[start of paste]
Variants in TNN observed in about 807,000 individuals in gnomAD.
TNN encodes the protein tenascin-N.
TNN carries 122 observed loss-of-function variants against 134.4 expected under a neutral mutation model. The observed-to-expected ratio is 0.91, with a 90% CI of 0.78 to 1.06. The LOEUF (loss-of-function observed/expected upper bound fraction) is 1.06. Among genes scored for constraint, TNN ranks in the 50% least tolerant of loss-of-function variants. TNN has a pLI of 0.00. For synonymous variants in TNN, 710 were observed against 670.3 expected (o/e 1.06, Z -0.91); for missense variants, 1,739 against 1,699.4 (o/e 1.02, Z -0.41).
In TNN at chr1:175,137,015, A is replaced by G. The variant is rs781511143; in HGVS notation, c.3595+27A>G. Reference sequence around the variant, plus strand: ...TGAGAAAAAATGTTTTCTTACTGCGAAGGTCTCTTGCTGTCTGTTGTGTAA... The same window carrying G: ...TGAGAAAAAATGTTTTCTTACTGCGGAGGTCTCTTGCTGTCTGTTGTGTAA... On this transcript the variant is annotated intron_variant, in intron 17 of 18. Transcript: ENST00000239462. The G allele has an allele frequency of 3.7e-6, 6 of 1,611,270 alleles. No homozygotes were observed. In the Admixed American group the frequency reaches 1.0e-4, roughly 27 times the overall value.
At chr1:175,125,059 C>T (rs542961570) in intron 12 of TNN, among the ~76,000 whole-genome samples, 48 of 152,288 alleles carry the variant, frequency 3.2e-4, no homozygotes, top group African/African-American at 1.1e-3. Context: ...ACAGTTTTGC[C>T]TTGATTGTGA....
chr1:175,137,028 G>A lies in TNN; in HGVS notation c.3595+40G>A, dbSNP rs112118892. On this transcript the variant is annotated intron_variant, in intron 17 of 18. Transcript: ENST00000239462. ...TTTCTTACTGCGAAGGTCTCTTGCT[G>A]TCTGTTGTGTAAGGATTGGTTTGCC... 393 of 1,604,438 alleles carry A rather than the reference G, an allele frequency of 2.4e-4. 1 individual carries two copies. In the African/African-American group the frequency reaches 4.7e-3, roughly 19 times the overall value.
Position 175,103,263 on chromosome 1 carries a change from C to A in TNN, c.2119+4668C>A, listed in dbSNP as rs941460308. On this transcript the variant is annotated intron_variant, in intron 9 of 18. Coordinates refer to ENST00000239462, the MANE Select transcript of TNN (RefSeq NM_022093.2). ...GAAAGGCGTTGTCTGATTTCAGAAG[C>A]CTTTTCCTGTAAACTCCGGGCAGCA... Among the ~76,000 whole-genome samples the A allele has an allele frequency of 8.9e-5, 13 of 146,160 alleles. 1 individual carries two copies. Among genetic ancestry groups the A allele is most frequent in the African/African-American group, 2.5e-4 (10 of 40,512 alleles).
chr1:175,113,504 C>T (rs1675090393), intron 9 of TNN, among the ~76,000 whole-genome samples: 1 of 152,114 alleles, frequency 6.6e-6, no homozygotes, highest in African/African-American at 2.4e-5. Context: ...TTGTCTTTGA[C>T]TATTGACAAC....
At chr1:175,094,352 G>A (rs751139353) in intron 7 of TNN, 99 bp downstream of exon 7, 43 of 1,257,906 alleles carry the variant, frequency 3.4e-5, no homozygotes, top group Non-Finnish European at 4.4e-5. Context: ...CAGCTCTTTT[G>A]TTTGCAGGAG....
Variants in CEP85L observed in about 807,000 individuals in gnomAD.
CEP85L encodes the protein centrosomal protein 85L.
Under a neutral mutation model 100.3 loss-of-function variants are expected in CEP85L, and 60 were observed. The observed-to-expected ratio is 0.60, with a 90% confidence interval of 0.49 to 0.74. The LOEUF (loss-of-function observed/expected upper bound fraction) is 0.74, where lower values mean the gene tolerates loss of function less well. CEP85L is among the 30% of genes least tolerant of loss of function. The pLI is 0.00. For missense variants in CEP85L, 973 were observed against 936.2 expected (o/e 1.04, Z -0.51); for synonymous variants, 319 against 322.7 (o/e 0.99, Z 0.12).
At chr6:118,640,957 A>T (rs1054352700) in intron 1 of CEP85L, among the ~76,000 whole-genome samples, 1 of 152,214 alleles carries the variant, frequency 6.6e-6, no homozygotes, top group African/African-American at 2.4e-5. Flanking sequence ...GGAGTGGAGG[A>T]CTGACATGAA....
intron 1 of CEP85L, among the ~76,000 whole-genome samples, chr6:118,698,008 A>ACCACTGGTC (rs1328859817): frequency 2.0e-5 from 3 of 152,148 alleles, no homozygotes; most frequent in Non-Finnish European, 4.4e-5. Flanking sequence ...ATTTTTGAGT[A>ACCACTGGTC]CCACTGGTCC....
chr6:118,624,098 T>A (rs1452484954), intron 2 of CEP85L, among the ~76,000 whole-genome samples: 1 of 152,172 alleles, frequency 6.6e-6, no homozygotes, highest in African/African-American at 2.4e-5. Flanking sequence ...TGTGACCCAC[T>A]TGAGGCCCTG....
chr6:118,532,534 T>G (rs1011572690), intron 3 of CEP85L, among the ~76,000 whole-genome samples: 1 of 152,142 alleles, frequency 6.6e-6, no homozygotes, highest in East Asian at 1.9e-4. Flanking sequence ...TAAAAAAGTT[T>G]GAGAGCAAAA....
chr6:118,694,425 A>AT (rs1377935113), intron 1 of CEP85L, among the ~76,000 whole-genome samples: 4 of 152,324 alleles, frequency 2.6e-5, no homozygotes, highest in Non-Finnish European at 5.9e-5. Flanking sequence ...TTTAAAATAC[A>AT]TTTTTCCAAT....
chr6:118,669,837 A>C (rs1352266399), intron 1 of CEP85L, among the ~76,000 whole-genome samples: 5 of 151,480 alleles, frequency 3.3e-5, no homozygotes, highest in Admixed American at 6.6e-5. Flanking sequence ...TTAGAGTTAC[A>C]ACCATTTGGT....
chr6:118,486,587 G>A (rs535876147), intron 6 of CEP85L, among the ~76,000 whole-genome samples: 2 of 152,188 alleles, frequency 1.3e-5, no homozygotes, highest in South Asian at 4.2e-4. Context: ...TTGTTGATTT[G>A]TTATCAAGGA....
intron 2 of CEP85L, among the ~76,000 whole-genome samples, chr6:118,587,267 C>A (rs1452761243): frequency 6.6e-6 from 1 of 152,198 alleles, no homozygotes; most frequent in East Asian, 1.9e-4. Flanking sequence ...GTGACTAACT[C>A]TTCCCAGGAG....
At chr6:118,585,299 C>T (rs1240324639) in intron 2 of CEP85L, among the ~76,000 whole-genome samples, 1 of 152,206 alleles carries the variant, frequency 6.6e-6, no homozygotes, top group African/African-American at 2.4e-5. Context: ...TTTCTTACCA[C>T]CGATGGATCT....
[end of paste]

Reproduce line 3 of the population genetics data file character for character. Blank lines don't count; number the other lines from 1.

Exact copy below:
TNN carries 122 observed loss-of-function variants against 134.4 expected under a neutral mutation model. The observed-to-expected ratio is 0.91, with a 90% CI of 0.78 to 1.06. The LOEUF (loss-of-function observed/expected upper bound fraction) is 1.06. Among genes scored for constraint, TNN ranks in the 50% least tolerant of loss-of-function variants. TNN has a pLI of 0.00. For synonymous variants in TNN, 710 were observed against 670.3 expected (o/e 1.06, Z -0.91); for missense variants, 1,739 against 1,699.4 (o/e 1.02, Z -0.41).